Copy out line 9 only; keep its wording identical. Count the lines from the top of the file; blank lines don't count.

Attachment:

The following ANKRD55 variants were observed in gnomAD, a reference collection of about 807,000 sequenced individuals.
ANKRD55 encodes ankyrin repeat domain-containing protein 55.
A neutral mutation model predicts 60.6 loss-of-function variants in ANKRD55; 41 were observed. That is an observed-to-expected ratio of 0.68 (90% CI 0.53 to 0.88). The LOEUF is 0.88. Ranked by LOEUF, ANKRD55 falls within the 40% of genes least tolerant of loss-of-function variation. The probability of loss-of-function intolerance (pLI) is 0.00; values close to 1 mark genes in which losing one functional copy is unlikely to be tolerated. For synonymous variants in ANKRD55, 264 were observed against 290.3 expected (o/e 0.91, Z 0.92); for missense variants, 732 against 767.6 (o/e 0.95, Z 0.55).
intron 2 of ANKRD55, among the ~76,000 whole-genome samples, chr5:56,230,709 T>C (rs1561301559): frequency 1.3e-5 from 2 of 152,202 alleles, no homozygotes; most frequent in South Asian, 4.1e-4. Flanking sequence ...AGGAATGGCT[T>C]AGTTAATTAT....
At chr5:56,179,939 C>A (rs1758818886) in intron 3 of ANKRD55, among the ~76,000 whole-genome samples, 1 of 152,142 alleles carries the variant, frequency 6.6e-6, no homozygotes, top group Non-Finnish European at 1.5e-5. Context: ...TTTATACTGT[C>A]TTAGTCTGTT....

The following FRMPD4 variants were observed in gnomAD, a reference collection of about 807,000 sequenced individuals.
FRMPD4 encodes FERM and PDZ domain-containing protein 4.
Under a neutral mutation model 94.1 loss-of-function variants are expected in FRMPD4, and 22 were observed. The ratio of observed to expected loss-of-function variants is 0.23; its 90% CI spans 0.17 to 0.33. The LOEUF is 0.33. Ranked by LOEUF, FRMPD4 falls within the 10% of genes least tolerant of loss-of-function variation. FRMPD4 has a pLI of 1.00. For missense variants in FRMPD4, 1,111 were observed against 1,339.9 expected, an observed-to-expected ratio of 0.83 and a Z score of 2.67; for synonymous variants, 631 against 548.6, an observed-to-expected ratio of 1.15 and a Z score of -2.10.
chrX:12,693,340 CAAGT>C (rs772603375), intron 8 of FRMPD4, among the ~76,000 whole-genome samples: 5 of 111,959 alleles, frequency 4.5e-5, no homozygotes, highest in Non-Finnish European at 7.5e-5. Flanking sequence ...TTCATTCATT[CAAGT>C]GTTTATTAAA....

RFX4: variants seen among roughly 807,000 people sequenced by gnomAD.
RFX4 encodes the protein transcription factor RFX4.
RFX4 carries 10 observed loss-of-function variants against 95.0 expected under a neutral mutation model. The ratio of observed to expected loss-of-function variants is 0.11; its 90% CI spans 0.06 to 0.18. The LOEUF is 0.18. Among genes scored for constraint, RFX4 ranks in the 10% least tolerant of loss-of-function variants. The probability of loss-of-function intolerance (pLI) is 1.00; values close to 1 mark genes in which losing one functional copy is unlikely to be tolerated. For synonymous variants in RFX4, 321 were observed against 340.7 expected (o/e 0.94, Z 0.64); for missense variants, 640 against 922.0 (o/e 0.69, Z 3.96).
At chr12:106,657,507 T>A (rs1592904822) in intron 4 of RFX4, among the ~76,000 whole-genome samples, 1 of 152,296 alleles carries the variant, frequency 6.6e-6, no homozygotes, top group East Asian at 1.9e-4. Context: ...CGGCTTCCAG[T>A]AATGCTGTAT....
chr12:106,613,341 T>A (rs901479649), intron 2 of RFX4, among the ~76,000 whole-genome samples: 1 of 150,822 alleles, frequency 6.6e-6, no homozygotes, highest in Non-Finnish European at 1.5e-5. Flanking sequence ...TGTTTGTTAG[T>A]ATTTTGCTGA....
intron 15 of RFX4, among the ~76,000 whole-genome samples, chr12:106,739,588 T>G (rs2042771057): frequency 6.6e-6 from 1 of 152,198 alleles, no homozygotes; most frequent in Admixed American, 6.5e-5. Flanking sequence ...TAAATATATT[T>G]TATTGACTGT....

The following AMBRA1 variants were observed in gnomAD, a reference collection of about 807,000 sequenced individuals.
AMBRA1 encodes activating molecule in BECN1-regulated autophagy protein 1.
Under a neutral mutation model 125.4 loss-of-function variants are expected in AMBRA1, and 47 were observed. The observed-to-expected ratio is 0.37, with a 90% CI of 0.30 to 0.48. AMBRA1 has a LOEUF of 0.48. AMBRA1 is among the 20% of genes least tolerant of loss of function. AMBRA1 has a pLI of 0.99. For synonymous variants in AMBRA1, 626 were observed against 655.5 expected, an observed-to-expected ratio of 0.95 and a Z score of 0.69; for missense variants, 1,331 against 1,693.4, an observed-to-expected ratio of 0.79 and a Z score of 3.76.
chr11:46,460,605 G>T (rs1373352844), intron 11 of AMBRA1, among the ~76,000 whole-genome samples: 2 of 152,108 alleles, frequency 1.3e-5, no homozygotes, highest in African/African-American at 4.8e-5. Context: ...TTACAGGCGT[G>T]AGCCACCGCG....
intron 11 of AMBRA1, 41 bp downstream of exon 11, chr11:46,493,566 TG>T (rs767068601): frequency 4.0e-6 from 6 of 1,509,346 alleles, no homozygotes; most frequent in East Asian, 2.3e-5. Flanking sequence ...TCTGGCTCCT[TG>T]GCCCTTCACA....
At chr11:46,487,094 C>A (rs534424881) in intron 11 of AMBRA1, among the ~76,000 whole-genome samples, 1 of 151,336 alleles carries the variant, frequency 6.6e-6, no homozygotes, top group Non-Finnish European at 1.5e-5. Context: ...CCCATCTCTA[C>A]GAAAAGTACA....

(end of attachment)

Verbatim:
chrX:12,693,340 CAAGT>C (rs772603375), intron 8 of FRMPD4, among the ~76,000 whole-genome samples: 5 of 111,959 alleles, frequency 4.5e-5, no homozygotes, highest in Non-Finnish European at 7.5e-5. Flanking sequence ...TTCATTCATT[CAAGT>C]GTTTATTAAA....